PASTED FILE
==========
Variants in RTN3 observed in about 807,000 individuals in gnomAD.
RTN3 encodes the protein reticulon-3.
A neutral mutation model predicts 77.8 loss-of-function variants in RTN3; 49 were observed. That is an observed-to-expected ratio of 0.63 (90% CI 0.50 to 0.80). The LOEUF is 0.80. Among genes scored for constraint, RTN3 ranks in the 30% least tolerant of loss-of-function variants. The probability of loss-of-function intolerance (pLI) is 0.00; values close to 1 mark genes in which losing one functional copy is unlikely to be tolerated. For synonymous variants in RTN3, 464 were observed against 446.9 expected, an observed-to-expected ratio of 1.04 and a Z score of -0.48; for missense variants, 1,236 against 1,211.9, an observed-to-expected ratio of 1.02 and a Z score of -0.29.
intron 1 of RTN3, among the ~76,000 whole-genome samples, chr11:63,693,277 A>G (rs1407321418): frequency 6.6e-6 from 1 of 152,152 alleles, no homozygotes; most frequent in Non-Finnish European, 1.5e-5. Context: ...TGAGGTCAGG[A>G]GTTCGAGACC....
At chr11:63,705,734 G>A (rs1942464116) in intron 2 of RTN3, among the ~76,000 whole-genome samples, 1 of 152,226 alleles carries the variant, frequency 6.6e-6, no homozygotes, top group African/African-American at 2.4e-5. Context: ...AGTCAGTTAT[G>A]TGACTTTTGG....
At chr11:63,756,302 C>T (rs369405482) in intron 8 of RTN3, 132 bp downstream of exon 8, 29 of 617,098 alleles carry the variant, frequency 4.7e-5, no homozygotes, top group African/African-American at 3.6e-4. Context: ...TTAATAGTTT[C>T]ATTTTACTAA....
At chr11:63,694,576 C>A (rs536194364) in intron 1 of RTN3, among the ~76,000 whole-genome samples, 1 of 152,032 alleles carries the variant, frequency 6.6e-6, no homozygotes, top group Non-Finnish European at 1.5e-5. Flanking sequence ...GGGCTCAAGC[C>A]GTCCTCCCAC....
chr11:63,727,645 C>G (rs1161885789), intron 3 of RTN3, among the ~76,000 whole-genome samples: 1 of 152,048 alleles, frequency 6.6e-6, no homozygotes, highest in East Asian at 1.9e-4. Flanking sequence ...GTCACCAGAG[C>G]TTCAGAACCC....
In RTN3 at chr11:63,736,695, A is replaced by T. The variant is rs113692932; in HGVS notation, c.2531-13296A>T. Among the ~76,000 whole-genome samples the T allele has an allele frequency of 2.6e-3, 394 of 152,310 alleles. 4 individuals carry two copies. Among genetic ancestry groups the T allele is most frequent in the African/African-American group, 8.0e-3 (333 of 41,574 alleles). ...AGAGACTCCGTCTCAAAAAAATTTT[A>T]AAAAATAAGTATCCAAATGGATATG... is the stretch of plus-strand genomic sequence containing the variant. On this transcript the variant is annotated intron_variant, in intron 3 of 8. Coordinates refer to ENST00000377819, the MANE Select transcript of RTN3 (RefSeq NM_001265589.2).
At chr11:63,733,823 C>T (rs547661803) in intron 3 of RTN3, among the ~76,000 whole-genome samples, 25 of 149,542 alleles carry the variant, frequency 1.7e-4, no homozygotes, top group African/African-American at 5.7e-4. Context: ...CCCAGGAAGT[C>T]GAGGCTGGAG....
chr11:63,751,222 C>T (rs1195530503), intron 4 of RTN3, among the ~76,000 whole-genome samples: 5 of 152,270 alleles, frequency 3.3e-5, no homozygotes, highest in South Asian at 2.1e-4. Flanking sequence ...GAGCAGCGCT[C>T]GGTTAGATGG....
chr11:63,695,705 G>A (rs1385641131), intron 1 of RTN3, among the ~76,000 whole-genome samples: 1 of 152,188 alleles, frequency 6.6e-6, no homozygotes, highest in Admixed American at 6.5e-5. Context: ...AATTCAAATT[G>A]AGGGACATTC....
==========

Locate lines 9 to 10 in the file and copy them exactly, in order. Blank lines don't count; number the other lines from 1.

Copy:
In RTN3 at chr11:63,736,695, A is replaced by T. The variant is rs113692932; in HGVS notation, c.2531-13296A>T. Among the ~76,000 whole-genome samples the T allele has an allele frequency of 2.6e-3, 394 of 152,310 alleles. 4 individuals carry two copies. Among genetic ancestry groups the T allele is most frequent in the African/African-American group, 8.0e-3 (333 of 41,574 alleles). ...AGAGACTCCGTCTCAAAAAAATTTT[A>T]AAAAATAAGTATCCAAATGGATATG... is the stretch of plus-strand genomic sequence containing the variant. On this transcript the variant is annotated intron_variant, in intron 3 of 8. Coordinates refer to ENST00000377819, the MANE Select transcript of RTN3 (RefSeq NM_001265589.2).
At chr11:63,733,823 C>T (rs547661803) in intron 3 of RTN3, among the ~76,000 whole-genome samples, 25 of 149,542 alleles carry the variant, frequency 1.7e-4, no homozygotes, top group African/African-American at 5.7e-4. Context: ...CCCAGGAAGT[C>T]GAGGCTGGAG....